Examples of other TLD include .uk, .ws, .co.jp, .com.sg, .tv, .edu, .co, .com.my, and .mobi. While most of these TLDs are open for public’s registration, there are strict regulations on certain domain registration. For example the registration of country code top level domains (like .co.uk for United Kingdom) are restricted for the citizens of the corresponding country; and the activities with such domains website are ruled by local regulations and cyber laws.
An important function of domain names is to provide easily recognizable and memorizable names to numerically addressed Internet resources. This abstraction allows any resource to be moved to a different physical location in the address topology of the network, globally or locally in an intranet. Such a move usually requires changing the IP address of a resource and the corresponding translation of this IP address to and from its domain name.
The answer is simple – despite having many different names, all of these companies belong to the same German AttractSoft group. That may not necessarily mean something evil – it could be that each service is just meant to cater to a different market and/or audience. For example, Awardspace is more popular in the US and India, while Netfirms is a well-known name in Canada.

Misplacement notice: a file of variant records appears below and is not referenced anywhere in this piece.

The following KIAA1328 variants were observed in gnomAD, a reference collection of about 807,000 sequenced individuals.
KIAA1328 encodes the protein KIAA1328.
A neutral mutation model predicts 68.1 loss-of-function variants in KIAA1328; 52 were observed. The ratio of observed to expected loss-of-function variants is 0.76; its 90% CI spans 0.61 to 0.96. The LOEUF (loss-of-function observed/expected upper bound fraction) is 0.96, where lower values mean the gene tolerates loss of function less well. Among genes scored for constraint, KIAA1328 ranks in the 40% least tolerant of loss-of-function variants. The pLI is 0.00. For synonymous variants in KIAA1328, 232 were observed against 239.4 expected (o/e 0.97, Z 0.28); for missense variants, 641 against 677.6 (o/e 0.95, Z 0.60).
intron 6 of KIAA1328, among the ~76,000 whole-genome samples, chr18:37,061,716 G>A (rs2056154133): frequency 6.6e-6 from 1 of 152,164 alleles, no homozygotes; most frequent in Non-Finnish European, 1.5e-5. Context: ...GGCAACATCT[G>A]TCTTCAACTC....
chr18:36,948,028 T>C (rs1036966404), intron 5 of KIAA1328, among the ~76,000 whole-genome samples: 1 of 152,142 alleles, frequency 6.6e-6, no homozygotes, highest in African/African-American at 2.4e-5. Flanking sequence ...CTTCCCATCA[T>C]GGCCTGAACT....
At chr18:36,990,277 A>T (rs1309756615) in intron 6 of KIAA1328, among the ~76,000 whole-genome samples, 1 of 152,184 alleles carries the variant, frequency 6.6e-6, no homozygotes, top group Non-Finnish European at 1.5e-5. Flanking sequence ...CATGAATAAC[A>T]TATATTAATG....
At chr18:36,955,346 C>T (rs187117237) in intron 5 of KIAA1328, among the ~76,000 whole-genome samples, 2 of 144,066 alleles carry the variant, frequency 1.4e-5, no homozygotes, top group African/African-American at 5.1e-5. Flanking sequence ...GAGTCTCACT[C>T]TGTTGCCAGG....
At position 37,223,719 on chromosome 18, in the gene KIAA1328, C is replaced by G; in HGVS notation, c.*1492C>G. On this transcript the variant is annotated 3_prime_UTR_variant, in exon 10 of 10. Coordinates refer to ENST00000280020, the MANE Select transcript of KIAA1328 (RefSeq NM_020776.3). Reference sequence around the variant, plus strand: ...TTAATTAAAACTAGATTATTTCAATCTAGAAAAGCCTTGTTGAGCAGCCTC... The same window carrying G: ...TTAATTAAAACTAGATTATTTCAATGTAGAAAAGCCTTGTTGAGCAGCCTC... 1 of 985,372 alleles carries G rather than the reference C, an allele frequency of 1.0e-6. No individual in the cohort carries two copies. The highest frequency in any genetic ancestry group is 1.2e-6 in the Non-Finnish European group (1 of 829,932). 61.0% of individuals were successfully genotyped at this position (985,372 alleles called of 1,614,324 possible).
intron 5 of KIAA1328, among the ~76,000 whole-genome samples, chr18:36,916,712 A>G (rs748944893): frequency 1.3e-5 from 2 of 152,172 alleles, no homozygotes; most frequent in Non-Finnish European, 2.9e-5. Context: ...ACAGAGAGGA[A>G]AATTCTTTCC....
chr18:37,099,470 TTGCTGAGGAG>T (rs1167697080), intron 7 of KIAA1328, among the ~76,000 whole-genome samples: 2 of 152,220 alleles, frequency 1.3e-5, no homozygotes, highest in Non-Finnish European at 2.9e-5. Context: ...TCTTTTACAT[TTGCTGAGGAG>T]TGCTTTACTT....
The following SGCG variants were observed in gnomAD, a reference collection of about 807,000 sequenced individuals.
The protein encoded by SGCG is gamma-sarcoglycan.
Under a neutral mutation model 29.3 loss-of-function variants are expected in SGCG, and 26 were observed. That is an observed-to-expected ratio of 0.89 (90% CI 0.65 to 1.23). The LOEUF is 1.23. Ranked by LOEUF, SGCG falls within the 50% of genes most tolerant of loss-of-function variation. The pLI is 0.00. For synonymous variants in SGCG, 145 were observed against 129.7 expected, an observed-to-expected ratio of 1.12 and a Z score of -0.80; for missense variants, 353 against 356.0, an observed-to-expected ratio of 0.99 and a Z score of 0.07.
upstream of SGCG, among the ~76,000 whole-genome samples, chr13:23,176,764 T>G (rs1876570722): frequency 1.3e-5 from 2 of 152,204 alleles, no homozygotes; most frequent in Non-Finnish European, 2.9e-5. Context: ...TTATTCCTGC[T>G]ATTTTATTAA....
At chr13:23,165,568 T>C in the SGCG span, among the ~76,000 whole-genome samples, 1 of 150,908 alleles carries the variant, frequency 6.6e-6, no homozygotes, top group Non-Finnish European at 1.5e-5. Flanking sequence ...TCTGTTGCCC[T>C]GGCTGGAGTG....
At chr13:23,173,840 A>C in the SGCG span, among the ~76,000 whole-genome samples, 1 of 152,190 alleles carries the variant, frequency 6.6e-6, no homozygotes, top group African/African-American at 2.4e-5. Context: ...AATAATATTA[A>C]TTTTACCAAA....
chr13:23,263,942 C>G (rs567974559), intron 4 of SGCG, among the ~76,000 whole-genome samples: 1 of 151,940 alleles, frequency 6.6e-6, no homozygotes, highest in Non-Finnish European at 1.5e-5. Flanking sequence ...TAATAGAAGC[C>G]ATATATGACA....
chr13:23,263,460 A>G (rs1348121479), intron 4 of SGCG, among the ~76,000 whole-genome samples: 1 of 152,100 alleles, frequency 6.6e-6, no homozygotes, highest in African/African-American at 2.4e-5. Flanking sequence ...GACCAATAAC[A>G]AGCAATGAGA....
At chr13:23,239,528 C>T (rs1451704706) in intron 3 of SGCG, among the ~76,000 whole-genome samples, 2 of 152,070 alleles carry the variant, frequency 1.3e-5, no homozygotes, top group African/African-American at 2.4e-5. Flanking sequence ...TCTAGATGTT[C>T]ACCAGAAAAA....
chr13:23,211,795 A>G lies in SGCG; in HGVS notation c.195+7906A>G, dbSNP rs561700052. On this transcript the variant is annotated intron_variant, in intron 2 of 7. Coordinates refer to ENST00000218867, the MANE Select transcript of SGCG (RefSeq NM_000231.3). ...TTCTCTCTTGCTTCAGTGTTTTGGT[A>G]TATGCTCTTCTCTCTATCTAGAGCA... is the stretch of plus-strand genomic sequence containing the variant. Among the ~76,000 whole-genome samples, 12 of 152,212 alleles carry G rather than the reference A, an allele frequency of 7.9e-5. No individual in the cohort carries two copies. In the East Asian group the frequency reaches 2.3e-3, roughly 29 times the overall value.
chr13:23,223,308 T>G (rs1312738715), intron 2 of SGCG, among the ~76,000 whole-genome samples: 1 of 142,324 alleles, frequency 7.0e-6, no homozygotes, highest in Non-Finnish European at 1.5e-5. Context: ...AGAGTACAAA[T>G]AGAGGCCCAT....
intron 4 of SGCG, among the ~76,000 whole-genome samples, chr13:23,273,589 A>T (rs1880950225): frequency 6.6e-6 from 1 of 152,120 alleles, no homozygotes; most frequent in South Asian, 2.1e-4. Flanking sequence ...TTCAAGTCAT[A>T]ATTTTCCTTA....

On the internet, there seems to be no location. You can visit a site out of Beijing as easily as you can from Topeka. But just because you can go everywhere in the world on the internet doesn't mean that the internet isn't localized. If you want your website visitors to be served as quickly as possible, your best bet is to host your site on a web server as close to your users as possible.
Almost all the services offer some sort of page builder that makes it easy to drag and drop to build your page. These are great for getting started, but they often lock you into the service. Most page builders are proprietary to the service, or don't create HTML that's portable enough to be easily moved to another service if you decide it's necessary.